NY Times: Reduce The National Debt By Enslaving The Young
A revived draft, including both males and females, should include three options for new conscripts coming out of high school. Some could choose 18 months of military service with low pay but excellent post-service benefits, including free college tuition. These conscripts would not be deployed but could perform tasks currently outsourced at great cost to the Pentagon: paperwork, painting barracks, mowing lawns, driving generals around, and generally doing lower-skills tasks so professional soldiers don’t have to. If they want to stay, they could move into the professional force and receive weapons training, higher pay and better benefits.Right, because low-income kids would really benefit by having unwilling low-paid 18-year-old teachers fresh out of a modern American high school. But, of course, tasks like teaching, or revamping the infrastructure, aren't as important as freeing up more soldiers to focus on killing, which is why these second-tier civilians who want to go to college later should only receive tuition aid, not free tuition altogether.
Those who don’t want to serve in the army could perform civilian national service for a slightly longer period and equally low pay — teaching in low-income areas, cleaning parks, rebuilding crumbling infrastructure, or aiding the elderly. After two years, they would receive similar benefits like tuition aid.
So, what is the third option he offers?
And libertarians who object to a draft could opt out. Those who declined to help Uncle Sam would in return pledge to ask nothing from him — no Medicare, no subsidized college loans and no mortgage guarantees. Those who want minimal government can have it.I'm guessing any draft-objectors would still be expected to pay taxes to fund all these goodies they're no longer entitled to, though.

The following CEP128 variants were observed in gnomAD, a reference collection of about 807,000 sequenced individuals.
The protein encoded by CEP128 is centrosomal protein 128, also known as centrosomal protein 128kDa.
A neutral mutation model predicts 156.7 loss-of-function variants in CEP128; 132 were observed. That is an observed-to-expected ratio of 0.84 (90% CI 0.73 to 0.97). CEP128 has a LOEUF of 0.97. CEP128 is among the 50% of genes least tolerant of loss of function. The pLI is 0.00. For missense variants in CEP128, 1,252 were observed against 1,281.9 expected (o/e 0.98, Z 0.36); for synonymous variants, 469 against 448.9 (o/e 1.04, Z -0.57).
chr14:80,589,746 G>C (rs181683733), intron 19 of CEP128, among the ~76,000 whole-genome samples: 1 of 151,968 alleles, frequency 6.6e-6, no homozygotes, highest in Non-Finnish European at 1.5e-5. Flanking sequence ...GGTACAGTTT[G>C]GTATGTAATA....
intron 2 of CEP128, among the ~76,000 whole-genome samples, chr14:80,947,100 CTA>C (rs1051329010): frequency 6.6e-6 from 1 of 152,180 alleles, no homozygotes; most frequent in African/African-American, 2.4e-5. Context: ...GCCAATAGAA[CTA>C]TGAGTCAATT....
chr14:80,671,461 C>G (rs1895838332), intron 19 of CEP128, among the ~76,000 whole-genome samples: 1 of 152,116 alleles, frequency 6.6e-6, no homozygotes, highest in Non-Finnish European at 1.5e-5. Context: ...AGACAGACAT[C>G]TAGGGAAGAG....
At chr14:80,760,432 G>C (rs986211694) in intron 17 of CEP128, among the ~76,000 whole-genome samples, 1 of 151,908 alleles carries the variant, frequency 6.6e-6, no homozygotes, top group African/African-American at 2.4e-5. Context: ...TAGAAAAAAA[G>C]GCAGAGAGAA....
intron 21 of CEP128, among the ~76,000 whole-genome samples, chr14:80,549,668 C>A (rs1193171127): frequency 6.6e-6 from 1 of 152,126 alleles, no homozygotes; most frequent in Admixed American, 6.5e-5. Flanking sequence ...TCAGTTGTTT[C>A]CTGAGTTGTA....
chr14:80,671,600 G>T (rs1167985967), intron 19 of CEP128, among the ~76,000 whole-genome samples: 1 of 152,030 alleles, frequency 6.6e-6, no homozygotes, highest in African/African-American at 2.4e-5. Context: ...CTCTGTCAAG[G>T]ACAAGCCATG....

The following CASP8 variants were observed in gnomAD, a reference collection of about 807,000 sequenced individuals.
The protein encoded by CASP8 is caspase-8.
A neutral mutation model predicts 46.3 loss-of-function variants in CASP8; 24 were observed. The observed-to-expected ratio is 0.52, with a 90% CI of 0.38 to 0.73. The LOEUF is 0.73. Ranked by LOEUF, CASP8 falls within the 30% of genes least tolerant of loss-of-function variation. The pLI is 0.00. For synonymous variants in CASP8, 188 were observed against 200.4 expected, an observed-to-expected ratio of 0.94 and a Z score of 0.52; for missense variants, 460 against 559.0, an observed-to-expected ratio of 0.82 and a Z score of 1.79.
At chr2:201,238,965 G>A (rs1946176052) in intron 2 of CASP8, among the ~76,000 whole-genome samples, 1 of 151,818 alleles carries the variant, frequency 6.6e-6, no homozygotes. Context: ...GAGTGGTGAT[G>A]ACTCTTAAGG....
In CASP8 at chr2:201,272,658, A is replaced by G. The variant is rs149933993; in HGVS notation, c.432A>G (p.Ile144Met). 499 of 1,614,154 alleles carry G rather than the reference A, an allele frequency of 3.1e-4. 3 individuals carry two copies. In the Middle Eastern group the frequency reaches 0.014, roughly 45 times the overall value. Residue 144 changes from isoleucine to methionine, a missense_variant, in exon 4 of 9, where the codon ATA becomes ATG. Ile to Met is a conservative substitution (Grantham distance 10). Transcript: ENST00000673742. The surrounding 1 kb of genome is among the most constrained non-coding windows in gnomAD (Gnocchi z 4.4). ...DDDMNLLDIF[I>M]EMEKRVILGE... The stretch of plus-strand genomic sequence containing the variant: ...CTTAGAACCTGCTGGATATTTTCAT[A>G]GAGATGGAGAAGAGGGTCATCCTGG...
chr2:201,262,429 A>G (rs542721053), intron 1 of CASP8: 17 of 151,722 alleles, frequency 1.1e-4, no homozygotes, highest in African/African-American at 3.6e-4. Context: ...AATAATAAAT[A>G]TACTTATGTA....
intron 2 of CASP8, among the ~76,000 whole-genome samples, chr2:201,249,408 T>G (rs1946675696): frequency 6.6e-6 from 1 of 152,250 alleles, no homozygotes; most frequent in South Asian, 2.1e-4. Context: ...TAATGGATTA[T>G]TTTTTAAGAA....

Others argue that the numbers don’t add up. With an average cohort of about four million 18-year-olds annually, they say, there is simply no place to put all these people. But the government could use this cheap labor in new ways, doing jobs that governments do in other countries but which have been deemed too expensive in this one, like providing universal free day care or delivering meals to elderly shut-ins.Because who better than unwilling teenagers to care for small children or be forced into elderly people's homes? Ricks is proposing a new American peculiar institution: "Maybe you Europeans can do these things without relying on slave labor, but here in the land of the free that just won't work."
Setting up a new non-career tier of cheap, young labor might be a way of preserving existing jobs for older, more skilled, less mobile union workers.Yes, let's make it even harder for young adults to get ahead than it already is, by legally forcing them to provide cheap labor that simultaneously offers no competition to those older, richer and more established than they are.
The pool of cheap labor available to the federal government would broadly lower its current personnel costs and its pension obligations — especially if the law told federal managers to use the civilian service as much as possible, and wherever plausible. The government could also make this cheap labor available to states and cities.Because we're not free citizens; we're revenue-generators whose sole purpose is to pay off the government's bloated financial obligations to itself.
But most of all, having a draft might, as General McChrystal said, make Americans think more carefully before going to war. Imagine the savings — in blood, tears and national treasure — if we had thought twice about whether we really wanted to invade Iraq.Yeah, the draft sure did a great job of keeping us out of Vietnam, didn't it?